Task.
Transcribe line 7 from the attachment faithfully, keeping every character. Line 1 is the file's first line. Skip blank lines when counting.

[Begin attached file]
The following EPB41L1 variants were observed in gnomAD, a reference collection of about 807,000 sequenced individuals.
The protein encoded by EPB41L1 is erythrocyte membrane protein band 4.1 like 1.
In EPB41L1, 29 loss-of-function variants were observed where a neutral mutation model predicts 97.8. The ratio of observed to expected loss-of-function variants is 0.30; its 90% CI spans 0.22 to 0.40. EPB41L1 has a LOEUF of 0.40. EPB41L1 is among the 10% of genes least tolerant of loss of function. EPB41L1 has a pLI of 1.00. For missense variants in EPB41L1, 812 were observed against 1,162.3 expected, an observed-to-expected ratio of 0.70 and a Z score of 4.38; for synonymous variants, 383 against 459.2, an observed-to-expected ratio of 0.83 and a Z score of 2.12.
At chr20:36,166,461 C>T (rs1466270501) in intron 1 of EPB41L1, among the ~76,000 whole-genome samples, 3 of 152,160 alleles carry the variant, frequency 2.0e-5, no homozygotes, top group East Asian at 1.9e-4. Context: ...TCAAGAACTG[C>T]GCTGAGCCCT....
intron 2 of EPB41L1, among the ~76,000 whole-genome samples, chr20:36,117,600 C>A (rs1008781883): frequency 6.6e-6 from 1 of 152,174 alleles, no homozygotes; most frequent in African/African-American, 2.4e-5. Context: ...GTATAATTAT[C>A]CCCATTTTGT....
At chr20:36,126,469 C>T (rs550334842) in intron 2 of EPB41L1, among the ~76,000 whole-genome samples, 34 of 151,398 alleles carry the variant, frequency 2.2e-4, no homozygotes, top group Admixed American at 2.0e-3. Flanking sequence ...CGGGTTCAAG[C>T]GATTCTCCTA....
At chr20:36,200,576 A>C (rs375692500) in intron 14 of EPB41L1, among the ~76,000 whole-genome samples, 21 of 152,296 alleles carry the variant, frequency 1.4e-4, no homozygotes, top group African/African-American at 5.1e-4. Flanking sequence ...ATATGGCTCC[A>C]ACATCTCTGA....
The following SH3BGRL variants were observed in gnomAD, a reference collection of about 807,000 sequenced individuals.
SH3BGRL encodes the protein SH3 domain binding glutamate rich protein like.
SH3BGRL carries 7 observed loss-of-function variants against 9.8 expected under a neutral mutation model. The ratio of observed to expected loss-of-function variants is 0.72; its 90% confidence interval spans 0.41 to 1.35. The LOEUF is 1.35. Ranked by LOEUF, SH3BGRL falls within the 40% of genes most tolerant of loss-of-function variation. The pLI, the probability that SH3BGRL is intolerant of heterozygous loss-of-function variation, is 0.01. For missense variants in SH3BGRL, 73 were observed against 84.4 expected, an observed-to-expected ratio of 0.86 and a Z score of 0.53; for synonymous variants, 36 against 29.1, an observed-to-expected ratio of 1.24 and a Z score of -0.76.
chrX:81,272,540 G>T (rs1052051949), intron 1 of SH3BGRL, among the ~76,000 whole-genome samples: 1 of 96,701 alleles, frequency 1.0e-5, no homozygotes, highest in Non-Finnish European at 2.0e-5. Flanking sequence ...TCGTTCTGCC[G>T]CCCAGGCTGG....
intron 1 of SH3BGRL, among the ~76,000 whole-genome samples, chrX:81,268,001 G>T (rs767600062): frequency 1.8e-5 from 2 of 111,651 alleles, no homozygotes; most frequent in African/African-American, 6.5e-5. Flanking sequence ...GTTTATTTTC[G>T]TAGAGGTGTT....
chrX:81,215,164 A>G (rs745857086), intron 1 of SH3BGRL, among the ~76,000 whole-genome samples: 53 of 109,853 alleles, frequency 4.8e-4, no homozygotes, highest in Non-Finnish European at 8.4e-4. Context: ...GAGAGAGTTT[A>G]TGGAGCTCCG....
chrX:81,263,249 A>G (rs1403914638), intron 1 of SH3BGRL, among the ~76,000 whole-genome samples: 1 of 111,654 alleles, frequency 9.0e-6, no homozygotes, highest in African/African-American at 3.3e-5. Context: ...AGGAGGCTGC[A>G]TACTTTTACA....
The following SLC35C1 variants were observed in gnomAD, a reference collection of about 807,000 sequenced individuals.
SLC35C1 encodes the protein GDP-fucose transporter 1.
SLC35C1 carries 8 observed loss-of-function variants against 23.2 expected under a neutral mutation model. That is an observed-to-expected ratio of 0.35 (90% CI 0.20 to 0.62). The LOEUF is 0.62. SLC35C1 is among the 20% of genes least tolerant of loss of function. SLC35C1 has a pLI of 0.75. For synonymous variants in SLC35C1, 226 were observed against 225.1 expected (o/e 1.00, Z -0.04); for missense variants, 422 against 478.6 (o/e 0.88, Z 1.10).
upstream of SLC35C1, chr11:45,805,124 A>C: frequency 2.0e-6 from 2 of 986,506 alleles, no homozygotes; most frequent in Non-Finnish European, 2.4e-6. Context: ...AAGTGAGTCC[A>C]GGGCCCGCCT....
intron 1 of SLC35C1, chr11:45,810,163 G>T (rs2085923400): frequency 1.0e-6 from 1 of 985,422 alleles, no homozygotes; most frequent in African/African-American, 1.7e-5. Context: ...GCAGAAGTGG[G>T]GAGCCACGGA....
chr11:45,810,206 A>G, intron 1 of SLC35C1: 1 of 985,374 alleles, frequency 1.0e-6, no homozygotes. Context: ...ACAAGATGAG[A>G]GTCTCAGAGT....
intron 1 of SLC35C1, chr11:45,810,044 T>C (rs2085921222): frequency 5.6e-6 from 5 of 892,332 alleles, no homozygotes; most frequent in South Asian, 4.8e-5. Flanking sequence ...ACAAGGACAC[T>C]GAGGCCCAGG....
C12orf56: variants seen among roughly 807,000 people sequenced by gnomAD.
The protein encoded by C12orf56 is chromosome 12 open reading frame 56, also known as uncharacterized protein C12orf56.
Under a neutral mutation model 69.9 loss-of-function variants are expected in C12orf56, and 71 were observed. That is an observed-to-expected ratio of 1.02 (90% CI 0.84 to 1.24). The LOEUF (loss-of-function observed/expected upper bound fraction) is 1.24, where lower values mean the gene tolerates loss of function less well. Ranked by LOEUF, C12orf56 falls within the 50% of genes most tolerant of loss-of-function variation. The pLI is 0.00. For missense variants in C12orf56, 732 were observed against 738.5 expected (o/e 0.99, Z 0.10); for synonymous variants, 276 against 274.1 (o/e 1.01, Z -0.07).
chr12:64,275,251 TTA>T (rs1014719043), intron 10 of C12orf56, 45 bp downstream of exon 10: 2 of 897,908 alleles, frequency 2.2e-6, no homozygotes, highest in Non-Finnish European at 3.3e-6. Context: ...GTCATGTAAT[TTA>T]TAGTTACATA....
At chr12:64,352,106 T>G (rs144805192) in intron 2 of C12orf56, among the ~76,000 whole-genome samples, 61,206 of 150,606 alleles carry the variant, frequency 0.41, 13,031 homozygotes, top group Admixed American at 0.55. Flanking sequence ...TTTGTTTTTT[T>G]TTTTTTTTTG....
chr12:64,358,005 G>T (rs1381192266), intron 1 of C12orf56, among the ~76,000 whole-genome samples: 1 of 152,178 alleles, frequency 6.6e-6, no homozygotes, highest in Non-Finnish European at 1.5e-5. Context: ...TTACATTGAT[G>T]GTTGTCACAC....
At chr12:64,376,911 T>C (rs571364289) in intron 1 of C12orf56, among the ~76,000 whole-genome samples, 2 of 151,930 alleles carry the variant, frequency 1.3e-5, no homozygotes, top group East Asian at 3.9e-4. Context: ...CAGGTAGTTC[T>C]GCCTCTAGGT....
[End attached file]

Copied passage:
At chr20:36,200,576 A>C (rs375692500) in intron 14 of EPB41L1, among the ~76,000 whole-genome samples, 21 of 152,296 alleles carry the variant, frequency 1.4e-4, no homozygotes, top group African/African-American at 5.1e-4. Flanking sequence ...ATATGGCTCC[A>C]ACATCTCTGA....